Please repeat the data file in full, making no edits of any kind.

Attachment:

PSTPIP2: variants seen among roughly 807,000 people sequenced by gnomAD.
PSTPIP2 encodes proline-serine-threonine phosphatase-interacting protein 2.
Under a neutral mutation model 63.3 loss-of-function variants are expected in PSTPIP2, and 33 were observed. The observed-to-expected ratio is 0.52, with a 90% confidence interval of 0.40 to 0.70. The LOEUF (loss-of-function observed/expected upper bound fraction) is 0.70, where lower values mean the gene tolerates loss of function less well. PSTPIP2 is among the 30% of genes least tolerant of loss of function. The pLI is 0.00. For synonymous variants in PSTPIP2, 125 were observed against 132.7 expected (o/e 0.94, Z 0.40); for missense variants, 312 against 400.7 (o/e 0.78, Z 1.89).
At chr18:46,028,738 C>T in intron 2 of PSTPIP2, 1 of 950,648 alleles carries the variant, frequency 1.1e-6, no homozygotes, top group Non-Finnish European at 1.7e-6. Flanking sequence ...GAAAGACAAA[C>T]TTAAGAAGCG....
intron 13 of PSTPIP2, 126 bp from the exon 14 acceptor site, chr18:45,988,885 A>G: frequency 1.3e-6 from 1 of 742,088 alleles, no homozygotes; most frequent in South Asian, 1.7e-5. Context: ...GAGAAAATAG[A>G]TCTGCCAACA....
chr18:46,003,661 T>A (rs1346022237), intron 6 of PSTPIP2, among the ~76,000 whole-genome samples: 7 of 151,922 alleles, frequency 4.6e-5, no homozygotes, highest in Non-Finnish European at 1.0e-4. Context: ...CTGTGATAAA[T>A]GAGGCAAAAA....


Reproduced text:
PSTPIP2: variants seen among roughly 807,000 people sequenced by gnomAD.
PSTPIP2 encodes proline-serine-threonine phosphatase-interacting protein 2.
Under a neutral mutation model 63.3 loss-of-function variants are expected in PSTPIP2, and 33 were observed. The observed-to-expected ratio is 0.52, with a 90% confidence interval of 0.40 to 0.70. The LOEUF (loss-of-function observed/expected upper bound fraction) is 0.70, where lower values mean the gene tolerates loss of function less well. PSTPIP2 is among the 30% of genes least tolerant of loss of function. The pLI is 0.00. For synonymous variants in PSTPIP2, 125 were observed against 132.7 expected (o/e 0.94, Z 0.40); for missense variants, 312 against 400.7 (o/e 0.78, Z 1.89).
At chr18:46,028,738 C>T in intron 2 of PSTPIP2, 1 of 950,648 alleles carries the variant, frequency 1.1e-6, no homozygotes, top group Non-Finnish European at 1.7e-6. Flanking sequence ...GAAAGACAAA[C>T]TTAAGAAGCG....
intron 13 of PSTPIP2, 126 bp from the exon 14 acceptor site, chr18:45,988,885 A>G: frequency 1.3e-6 from 1 of 742,088 alleles, no homozygotes; most frequent in South Asian, 1.7e-5. Context: ...GAGAAAATAG[A>G]TCTGCCAACA....
chr18:46,003,661 T>A (rs1346022237), intron 6 of PSTPIP2, among the ~76,000 whole-genome samples: 7 of 151,922 alleles, frequency 4.6e-5, no homozygotes, highest in Non-Finnish European at 1.0e-4. Context: ...CTGTGATAAA[T>A]GAGGCAAAAA....